The Economist, usually a pro-capitalism, pro-business publication, blames bankers for defaming the good name of capitalism.
In a Nov. 15 commentary about capitalism’s increasingly negative reputation, the classical liberal magazine said that nearly half of Americans have a less-than-positive view of the term, and associate it with financial capitalism and greedy banks.
While most people do like the underlying elements of capitalism – competition, private property – those ideas no longer come to mind when people think of capitalism, the article said.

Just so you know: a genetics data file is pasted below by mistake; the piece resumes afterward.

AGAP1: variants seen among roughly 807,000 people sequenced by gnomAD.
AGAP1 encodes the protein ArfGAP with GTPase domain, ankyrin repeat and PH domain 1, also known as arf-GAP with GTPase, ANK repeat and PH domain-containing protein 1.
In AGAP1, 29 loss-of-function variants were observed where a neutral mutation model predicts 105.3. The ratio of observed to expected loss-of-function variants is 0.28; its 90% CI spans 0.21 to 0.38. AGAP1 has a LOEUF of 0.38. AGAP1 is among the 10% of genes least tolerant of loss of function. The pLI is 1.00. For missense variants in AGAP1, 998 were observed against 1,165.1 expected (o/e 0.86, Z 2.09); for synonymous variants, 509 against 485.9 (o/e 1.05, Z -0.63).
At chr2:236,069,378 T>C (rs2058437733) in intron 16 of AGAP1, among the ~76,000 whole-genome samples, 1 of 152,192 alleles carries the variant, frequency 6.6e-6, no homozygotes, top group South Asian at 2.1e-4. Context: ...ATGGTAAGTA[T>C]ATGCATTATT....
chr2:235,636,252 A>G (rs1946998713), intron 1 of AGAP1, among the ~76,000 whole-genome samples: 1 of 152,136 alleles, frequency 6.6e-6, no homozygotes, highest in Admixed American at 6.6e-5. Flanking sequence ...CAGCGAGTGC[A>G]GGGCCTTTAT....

And, the authors wrote, “when governments and central banks are forced to step in to rescue the titans of finance, the idea of a free market also goes out the window.”
Their concern, of course, is that a general aversion to the idea of capitalism will lead voters to back harmful, anti-business politicians.
And this, they say, is all the doing of the big bad guys on Wall Street: “Somehow, capitalism, for want of a better word, must be rescued from the bankers.”